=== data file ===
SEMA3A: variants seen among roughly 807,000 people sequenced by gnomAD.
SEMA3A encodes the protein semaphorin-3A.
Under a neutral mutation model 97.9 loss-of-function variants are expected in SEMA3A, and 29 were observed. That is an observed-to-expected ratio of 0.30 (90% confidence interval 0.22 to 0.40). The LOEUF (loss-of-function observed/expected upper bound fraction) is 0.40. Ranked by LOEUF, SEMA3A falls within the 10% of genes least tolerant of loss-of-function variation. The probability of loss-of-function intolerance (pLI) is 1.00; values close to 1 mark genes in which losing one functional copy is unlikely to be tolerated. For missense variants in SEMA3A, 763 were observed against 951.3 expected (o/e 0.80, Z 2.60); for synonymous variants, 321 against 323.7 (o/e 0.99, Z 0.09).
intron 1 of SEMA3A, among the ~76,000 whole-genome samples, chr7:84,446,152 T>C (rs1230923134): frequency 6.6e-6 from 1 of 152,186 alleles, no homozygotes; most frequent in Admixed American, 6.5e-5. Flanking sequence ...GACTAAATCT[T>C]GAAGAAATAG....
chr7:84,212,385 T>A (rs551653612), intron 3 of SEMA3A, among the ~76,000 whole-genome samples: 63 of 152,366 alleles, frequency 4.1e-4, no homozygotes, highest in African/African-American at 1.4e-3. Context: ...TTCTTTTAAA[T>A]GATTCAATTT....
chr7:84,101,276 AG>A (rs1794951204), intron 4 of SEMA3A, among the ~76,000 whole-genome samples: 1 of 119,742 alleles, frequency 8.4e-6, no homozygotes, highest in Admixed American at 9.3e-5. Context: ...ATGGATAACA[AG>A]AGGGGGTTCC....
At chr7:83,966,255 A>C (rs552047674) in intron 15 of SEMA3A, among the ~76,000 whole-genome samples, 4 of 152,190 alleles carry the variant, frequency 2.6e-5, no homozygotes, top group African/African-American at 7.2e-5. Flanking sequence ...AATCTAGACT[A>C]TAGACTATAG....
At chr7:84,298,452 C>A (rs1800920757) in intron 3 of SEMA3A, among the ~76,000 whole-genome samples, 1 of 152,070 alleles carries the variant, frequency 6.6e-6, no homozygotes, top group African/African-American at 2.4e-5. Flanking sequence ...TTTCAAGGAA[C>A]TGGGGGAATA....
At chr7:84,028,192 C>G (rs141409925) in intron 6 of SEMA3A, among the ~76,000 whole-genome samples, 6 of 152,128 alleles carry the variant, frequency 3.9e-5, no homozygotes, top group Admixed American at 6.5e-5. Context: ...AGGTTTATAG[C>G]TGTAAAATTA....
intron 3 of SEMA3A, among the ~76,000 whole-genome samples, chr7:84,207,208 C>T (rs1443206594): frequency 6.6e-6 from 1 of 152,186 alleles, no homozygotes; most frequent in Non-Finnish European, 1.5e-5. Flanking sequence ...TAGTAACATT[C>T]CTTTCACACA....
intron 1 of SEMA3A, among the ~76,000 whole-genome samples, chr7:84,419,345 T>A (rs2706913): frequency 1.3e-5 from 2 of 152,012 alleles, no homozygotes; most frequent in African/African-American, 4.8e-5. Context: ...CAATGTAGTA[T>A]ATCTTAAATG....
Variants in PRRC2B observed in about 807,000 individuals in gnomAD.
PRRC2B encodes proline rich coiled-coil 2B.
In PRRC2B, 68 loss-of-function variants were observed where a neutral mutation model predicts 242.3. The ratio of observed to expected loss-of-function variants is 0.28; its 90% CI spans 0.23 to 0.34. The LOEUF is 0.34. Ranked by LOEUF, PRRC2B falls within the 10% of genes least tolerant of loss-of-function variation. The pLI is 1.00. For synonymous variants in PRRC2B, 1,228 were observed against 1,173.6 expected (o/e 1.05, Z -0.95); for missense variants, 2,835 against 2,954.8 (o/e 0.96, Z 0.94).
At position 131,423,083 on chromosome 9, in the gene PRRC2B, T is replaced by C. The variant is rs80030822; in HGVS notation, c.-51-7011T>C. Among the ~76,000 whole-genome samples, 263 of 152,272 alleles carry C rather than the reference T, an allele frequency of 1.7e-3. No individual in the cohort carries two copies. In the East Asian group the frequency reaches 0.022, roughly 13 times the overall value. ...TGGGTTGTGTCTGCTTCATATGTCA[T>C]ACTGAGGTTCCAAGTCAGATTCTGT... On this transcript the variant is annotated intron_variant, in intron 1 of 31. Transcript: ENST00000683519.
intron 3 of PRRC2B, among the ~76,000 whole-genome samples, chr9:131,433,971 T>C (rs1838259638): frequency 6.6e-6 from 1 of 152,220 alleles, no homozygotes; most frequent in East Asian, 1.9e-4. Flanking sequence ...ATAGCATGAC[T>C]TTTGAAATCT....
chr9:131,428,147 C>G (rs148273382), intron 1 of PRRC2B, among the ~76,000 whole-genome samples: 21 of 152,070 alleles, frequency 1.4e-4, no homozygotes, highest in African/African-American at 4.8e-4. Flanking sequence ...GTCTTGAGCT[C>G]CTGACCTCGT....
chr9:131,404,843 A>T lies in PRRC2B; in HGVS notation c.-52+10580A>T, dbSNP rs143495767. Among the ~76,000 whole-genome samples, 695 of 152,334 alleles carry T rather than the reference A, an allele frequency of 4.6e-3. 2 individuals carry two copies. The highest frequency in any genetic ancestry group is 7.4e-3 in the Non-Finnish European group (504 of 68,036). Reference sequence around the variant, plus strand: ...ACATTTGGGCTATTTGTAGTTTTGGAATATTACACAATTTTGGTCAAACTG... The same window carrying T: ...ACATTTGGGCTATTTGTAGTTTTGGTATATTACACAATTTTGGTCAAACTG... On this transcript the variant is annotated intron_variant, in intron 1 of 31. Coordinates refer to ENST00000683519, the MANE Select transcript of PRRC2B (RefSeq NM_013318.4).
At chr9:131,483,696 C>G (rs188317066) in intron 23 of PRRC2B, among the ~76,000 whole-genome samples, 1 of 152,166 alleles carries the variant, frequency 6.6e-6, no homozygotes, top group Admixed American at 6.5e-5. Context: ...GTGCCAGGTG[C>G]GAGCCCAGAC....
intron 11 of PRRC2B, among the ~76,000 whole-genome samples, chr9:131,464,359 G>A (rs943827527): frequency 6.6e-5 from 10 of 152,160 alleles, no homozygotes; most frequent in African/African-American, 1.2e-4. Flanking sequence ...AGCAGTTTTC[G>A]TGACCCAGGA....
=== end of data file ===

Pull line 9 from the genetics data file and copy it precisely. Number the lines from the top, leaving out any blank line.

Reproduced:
At chr7:84,028,192 C>G (rs141409925) in intron 6 of SEMA3A, among the ~76,000 whole-genome samples, 6 of 152,128 alleles carry the variant, frequency 3.9e-5, no homozygotes, top group Admixed American at 6.5e-5. Context: ...AGGTTTATAG[C>G]TGTAAAATTA....